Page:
Although national cable news outlets cater to pretty targeted markets, local news still has consumers of all ideological stripes. Yet, Alford got in trouble for adding anything into his on-air presentations that smacked of conservatism.

“I don’t know how well local news serves conservative viewpoints,” he says. “Not that you have to cater to a viewpoint, but you have to represent in your coverage, I think, the different aspects that are reflected in society and in our political world.

“And so, by bringing that side – to balance out what I saw as a progressive liberal side to the news – I was almost deemed, like, the crazy old conservative guy in the newsroom. And I was reprimanded on several occasions for saying things on the air. I would get called into the management office and they’d say, you know, ‘We’ve got people that are calling the station. They want you fired again.’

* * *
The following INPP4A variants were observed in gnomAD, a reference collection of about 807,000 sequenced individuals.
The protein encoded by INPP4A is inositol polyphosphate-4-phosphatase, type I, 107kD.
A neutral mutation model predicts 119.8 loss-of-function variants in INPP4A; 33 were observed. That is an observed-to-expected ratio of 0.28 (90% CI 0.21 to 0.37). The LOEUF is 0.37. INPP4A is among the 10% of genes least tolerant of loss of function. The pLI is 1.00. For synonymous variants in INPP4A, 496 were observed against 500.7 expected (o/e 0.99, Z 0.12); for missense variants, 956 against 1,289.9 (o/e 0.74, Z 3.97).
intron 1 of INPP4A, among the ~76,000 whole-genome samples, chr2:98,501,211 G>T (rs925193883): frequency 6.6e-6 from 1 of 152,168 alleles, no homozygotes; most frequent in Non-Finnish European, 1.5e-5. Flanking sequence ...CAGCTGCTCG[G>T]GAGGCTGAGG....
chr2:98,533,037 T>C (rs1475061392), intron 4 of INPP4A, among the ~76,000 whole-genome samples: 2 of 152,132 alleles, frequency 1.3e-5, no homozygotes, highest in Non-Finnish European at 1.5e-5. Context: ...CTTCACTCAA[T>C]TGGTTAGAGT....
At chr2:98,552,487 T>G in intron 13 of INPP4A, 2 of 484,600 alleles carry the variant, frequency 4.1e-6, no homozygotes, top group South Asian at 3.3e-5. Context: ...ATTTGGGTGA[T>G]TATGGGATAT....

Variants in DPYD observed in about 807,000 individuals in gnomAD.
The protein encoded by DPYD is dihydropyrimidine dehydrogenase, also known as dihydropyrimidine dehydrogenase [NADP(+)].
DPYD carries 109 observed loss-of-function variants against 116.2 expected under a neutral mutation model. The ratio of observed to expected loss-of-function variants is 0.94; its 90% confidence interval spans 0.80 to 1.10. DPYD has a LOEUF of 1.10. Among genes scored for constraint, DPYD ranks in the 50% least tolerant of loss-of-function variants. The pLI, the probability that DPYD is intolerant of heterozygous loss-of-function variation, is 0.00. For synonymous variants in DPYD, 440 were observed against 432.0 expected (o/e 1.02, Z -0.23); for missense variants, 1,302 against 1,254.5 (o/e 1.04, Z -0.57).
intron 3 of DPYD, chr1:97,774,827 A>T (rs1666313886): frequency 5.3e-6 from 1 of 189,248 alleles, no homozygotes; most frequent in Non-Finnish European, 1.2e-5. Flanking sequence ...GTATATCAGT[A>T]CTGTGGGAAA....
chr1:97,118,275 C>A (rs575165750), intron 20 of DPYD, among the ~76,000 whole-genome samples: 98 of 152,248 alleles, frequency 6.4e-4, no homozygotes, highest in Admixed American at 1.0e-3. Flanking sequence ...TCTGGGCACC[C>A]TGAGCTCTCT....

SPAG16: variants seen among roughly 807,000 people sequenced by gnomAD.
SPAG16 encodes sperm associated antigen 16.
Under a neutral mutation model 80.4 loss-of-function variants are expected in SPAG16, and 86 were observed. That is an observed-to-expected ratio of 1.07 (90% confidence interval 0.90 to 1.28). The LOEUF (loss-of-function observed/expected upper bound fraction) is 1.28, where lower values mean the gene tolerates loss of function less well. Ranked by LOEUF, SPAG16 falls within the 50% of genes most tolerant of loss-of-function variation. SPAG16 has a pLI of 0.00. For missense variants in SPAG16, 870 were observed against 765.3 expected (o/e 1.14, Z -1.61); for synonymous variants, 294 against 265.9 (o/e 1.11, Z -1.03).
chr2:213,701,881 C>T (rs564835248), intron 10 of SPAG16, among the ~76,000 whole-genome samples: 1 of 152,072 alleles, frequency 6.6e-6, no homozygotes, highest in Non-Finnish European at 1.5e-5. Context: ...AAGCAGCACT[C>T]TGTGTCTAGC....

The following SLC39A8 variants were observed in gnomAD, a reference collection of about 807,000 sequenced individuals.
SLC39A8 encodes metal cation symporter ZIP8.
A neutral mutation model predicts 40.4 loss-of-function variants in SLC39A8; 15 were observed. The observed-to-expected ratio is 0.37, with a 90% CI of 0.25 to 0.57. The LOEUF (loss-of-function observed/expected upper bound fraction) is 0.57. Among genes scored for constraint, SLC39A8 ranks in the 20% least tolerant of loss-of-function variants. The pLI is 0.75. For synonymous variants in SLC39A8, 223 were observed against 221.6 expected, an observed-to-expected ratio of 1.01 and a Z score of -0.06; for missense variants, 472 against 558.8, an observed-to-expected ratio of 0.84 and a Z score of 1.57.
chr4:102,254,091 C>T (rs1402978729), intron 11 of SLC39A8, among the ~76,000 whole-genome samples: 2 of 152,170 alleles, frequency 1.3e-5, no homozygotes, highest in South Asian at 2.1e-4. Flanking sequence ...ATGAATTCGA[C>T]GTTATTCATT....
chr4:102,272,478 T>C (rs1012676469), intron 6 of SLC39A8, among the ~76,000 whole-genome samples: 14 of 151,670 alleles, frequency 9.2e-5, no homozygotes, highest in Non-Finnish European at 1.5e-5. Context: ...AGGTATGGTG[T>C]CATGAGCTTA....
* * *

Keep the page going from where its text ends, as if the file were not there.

I said, ‘What did I say this time?’ And they’d say, ‘Well, you said this.’ I said let’s go back and look at the videotape. And we do. And I say, ‘What did I say that was inaccurate?’ And they said, ‘Well, it’s not that it’s inaccurate. We just don’t want you saying it.’”

By the spring of 2020, “I was told that I could no longer do any stories on President Trump, because they felt like I was not being unbiased in my presentation. I later found out they had told the producers that I was not able to do stories on gun control issues, abortion. There were five or six [issues] that I later found out that the producers were directed to give these stories to my counterpart. 

“I was left [with] the crime stories, basically, in Kansas City, and the fluff.”